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Fish Immune Function

When you live in a toilet, like fish do, it’s critical to have a well-functioning immune system. Being ectotherms, fish rely on the temperature of their surrounding environment to dictate their metabolism and immune function. Cold water = limited activity. Warm water = more activity. Hot water = poached. All things considered, a fish’s immune system may be more complex that you give them credit for.

In addition to basic phagocytosis, fish produce B and T lymphocytes. These cells are responsible for antibody production and are the reason why we are able to make vaccines for fish. Vaccines can be given orally, topically, by immersion, or through injection, like your flu shot. Most vaccines are available for aquaculture production and are not used on pet fish. For more information on vaccines in fish, read here.

Mammals produce their white blood cells in their bone marrow. Fish do not have bone marrow and rely on their kidney and spleen to produce blood cells. These cell lines have similar functions to mammalian white blood cells.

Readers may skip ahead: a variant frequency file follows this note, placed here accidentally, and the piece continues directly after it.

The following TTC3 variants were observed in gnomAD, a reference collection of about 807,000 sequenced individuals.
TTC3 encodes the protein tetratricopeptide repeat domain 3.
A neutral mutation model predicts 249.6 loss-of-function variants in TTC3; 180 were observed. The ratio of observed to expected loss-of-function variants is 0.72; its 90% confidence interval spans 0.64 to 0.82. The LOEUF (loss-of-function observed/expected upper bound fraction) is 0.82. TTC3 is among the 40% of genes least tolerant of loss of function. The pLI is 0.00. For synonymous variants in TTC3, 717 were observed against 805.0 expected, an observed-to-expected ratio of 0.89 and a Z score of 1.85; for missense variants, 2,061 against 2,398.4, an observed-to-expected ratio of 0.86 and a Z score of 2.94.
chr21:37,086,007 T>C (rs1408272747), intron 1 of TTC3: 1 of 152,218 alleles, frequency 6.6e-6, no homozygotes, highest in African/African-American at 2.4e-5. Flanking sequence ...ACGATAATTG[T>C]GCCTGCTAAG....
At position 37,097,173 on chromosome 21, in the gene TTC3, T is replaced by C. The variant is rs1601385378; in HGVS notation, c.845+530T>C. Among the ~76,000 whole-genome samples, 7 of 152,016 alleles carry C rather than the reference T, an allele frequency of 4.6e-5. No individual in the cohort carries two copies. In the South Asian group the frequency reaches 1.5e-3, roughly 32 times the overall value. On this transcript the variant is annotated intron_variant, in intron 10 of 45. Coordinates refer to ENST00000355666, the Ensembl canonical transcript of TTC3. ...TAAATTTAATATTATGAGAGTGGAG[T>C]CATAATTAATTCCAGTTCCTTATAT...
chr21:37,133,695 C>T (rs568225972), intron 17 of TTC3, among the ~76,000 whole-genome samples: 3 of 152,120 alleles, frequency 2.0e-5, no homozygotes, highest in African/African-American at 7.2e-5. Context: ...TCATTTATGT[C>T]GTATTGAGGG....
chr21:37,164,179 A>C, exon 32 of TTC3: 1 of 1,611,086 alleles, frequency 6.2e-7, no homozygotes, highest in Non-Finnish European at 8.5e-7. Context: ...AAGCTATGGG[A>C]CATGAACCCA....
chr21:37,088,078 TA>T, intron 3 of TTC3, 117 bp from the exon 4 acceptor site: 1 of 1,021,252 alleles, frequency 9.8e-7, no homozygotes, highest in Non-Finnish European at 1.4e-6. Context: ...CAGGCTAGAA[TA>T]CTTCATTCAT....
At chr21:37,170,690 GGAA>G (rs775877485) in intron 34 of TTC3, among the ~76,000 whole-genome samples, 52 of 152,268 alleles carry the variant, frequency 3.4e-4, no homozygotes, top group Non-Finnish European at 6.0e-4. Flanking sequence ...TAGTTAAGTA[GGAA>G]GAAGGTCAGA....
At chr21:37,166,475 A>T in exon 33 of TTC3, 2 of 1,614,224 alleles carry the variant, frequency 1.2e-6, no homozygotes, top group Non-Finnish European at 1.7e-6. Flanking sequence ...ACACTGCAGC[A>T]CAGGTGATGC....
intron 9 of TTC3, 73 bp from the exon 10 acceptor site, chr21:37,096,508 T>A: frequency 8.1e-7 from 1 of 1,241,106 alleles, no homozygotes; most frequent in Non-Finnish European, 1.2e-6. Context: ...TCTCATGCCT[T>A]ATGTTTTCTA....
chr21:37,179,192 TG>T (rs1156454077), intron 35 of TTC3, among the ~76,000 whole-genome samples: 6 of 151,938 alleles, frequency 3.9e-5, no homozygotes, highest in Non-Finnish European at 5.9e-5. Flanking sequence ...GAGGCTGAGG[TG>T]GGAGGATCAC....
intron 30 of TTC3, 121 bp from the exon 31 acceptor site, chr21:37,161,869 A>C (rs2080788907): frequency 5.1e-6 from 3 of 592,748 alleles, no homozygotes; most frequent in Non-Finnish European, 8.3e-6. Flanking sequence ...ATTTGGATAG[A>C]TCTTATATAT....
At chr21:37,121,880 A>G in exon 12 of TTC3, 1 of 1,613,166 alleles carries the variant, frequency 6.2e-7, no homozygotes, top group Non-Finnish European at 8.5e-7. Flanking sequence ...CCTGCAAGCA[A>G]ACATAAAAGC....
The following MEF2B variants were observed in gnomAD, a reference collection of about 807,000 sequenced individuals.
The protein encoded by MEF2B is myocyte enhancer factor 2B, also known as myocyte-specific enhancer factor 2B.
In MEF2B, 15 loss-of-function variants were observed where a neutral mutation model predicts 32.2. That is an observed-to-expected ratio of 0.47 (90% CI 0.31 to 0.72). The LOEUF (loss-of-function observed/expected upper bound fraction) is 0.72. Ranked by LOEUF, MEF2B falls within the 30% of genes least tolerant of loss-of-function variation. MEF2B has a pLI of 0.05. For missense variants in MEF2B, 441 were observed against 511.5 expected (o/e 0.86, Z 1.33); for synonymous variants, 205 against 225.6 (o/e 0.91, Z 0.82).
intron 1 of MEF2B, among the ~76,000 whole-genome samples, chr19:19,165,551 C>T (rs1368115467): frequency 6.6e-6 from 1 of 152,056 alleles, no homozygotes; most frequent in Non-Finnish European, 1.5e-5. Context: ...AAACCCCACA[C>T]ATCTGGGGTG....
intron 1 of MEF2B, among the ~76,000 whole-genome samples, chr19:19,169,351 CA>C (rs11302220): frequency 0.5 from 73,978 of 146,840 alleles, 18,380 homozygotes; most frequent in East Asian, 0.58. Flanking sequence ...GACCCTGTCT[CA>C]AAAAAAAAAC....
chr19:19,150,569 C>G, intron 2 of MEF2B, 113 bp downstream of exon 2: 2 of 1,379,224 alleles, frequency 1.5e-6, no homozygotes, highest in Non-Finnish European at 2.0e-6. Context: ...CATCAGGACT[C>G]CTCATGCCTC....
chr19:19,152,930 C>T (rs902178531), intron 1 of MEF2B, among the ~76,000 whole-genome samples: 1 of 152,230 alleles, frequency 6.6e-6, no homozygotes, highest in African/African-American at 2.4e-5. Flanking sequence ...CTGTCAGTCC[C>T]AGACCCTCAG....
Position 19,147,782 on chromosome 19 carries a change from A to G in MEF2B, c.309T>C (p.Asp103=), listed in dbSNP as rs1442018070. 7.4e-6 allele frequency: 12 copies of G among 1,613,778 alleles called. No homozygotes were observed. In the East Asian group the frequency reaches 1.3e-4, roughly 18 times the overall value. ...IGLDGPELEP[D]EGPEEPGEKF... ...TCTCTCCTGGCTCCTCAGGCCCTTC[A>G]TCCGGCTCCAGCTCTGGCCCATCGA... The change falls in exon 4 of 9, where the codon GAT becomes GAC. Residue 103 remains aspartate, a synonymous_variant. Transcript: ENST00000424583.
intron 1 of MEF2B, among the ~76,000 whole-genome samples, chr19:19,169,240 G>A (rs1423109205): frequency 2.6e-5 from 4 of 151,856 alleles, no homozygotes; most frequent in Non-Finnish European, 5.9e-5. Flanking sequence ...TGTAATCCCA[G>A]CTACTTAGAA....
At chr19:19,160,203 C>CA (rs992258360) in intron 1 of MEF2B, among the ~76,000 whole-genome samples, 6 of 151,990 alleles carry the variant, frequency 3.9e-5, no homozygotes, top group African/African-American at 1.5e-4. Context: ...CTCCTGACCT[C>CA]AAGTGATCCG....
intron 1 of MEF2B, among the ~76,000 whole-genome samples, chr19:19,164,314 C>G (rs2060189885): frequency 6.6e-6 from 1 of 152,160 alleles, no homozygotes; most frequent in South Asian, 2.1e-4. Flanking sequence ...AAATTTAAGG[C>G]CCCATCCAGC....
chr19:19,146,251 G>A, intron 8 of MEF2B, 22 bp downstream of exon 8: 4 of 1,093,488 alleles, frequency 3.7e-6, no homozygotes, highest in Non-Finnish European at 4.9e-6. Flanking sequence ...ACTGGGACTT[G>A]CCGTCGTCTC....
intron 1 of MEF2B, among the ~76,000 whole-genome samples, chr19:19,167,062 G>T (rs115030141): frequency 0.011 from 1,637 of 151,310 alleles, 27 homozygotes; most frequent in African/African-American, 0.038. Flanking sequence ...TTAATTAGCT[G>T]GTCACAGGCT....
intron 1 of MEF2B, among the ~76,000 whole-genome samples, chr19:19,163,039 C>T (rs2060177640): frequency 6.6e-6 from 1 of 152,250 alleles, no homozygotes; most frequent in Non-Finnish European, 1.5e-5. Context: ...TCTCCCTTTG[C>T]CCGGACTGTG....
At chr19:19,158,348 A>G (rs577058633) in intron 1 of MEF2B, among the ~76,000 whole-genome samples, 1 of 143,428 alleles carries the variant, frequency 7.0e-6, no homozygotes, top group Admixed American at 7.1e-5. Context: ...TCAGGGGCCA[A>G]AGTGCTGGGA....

A fish’s response to stress has a direct effect on their immune system. When a fish is stressed due to lack of nutrition, bullying, poor water quality, sound irritation or multiple other causes, they release hormones into their bloodstream, specifically cortisol, epinephrine and norepinephrine. These hormones initiate an animal’s “fight or flight” reflex, causing secondary changes in blood glucose, lactate, liver and muscle glycogen and osmolality. Over time, these chemical changes cause tertiary changes to behavior and performance, including digestion, reproduction, and immune function.

Acute stress is beneficial where it helps a fish get out of a stressful situation. Chronic stress, however, leads to long-term immune suppression and increased vulnerability to disease.

In order to maintain good immune function, use these key prevention and management strategies:

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